For what it's worth - it was also very fun and enjoyable. If you have an interest in these areas I think it is worth pursuing them and the career options are second to none.
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Jan Hodges’s Answer

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When considering a double major, first find out if it is going to make your path to the bachelor's longer, and then consider the added cost. Many times, the double major will increase your loan more than your career options. Instead of a second major, consider adding a minor, especially if it doesn't add additional time and money. Your quality of life after the bachelor's degree is dependent on making good choices with your financial aid. Go to your college's career counselor. You are paying for that service with your tuition dollars - use it! Let them assist you with choosing the best major for your career goal.
Thanks for your answer Raphael F. Translate
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Dhairya’s Answer

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I'll offer contrary advice. I'm an artificial intelligence researcher. Double majoring is a great idea. There is a strong overlap between both physics and math requirements with CS programs, so you'll have no problem finishing both degrees in a span of 4 years. It is quite common to see dual cs/math and cs/physics majors. Your core math requirements are quite transferable across all three and it won't require extra semesters or costs.


It's up to you as to what is more enjoyable for you. If I were to do it over again, I would have chosen major in physics as it's fascinating. Additionally, you'll get the advanced math and stats skillset in an applied setting which translates well to CS and AI problems. Math always felt a bit more abstract and theoretical to me, but I have several friends who came from pure math or a math/cs background too. When you get to college take classes in both pure math and physics and purse the major that is more fun for you. Honestly there is no wrong answer and both will serve you well.
Hi Dhairya , thank you for your wonderful insight Raphael F. Translate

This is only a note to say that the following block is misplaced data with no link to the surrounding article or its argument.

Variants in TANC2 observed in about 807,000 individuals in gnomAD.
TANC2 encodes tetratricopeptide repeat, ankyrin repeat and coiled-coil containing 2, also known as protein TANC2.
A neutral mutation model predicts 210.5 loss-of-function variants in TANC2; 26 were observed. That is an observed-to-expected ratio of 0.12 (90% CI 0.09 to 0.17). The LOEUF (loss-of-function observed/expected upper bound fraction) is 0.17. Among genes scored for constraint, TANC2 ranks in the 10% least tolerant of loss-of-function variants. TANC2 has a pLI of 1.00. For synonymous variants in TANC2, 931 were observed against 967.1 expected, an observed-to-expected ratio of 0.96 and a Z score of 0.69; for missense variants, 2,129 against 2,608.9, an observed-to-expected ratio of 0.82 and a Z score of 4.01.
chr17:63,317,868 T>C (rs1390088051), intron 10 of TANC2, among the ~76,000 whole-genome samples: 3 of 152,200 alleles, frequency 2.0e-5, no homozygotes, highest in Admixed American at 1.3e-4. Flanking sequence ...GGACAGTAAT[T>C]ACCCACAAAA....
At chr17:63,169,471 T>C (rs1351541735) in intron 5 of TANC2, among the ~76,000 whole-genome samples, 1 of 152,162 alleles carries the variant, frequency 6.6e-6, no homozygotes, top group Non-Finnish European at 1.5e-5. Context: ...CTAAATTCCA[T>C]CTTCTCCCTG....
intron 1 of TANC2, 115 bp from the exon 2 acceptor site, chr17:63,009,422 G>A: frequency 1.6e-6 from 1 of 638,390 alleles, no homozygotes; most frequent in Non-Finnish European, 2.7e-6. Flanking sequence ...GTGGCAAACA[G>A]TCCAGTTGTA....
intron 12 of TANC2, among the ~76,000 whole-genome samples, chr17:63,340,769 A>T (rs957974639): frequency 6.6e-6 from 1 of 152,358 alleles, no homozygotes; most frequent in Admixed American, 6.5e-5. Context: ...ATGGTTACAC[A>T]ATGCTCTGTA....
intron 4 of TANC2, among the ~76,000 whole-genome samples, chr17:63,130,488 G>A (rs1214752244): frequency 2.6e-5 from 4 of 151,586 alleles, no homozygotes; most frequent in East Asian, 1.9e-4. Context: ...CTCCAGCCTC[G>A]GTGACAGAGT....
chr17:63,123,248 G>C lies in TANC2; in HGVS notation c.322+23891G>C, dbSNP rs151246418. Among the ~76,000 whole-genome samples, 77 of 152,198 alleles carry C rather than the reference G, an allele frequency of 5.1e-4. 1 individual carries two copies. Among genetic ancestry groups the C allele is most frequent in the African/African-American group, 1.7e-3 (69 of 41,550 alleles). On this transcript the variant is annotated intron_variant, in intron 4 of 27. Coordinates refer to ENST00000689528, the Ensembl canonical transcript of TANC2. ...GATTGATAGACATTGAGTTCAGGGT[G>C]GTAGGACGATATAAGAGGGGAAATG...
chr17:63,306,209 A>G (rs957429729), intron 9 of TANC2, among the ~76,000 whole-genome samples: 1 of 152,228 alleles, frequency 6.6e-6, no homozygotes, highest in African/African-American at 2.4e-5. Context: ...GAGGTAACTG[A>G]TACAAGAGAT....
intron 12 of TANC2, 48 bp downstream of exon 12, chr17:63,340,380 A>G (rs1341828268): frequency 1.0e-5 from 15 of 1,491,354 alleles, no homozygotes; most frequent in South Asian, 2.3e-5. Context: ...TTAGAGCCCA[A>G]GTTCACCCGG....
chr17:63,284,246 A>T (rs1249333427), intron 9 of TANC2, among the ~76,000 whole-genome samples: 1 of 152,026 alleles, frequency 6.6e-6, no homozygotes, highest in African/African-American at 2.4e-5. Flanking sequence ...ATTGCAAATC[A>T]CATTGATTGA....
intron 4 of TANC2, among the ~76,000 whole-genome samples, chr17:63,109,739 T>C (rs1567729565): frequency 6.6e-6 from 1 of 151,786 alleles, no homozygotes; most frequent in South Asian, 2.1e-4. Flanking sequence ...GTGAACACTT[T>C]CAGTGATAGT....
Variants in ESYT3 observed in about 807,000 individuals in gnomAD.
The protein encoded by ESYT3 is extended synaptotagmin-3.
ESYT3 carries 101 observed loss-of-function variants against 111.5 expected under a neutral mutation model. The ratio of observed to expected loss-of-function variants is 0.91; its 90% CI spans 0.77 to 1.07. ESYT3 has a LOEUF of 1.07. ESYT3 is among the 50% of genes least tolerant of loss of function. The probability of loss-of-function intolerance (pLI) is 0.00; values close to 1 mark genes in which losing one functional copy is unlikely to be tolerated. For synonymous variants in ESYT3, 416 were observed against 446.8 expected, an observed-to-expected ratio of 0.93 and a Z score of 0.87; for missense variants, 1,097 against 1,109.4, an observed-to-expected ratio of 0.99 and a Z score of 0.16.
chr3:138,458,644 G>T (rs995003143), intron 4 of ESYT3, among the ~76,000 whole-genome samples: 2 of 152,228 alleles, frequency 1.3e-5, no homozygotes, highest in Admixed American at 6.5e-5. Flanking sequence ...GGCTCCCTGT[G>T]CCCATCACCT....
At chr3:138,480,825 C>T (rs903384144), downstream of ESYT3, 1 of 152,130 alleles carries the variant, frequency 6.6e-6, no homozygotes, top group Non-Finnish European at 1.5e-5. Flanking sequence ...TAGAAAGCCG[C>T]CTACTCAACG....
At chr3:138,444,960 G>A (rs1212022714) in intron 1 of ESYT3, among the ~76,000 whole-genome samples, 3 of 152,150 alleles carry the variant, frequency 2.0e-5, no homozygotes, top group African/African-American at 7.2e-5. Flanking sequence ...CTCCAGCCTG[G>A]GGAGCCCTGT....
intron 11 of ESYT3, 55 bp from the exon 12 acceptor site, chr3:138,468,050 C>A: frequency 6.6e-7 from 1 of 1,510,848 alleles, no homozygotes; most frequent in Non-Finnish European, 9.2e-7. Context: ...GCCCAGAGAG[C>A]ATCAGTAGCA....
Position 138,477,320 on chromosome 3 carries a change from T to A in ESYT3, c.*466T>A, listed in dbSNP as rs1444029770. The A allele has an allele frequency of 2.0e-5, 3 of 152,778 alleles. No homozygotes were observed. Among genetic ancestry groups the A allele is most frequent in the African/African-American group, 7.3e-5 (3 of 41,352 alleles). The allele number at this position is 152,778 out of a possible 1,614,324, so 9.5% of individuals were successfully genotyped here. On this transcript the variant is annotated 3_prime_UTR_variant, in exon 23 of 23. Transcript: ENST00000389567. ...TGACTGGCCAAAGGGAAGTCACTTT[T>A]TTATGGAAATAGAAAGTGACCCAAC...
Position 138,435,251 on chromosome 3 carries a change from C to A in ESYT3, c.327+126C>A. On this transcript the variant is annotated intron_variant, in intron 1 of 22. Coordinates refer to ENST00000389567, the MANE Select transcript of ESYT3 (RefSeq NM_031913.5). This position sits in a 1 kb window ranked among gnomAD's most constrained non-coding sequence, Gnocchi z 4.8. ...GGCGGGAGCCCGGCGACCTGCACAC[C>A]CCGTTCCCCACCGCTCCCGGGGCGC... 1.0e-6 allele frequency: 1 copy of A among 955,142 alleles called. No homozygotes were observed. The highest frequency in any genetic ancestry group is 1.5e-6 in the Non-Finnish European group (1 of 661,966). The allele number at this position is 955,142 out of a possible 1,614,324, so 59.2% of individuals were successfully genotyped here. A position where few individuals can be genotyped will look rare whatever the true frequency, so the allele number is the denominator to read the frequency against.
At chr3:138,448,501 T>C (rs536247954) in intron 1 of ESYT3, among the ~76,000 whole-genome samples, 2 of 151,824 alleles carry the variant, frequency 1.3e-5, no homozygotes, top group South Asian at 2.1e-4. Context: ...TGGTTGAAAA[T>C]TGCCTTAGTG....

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Jimil’s Answer

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I would suggest doing a minor in Math or Stats (if thats offered separately from Math). It will really help you master the branch of data science.
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Sona’s Answer

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Given how much a role, data plays in computer science today and the value of statistical models in computer science and data, it would be ideal to go down the math option, however if you want something more forward looking and like quantum computing like topics, I would suggest physics, as it will lay a strong foundation for it!
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shweta’s Answer

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+Major in Maths would be helpful if you are looking to pursue your career in Computer Science.Functional thinking and algorithm will be helpful to you in computer science in future .If you are doing Major in maths your those techniques would be enhanced .
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Kumi’s Answer

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Not sure why you want to do a double major, but have you considered statistics? I think that's more relevant with the CS, and there doesn't seem to be enough statisticians for data science needs. Stats packages are totally cool, and raw coding is always useful in preping data.
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Lorinda’s Answer

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Math is probably more standard - but physics would set you apart from the reset when you go in to interviews. So my advice (like that of others) is to go with whichever you find most interesting.
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Nicholas’s Answer

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Personally I would choose another major that closely relates to computer science, but if you are really wanting to do one of those two as a second major, I would go with math; physics is great and probably more interesting but the math may help more then physics would depending on what you are trying to do in the computer science realm.
Hey Nicholas , thanks for your answer. What are some other majors that would complement c.s ? Raphael F. Translate
What do you intend to try to do with the major? Are you looking to get into programming/coding, cybersecurity, it help desk, troubleshooting? The IT and computer fields are huge. Nicholas Johnson Translate
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Pushkaraj’s Answer

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If you have already made up your mind about being a double major, and you are confused between maths and physics, I would suggest to go with Maths. In fact, Statistics would be a good choice to go. But as far as relevance goes, Computer science and Maths have much more in common, than with CS and Physics.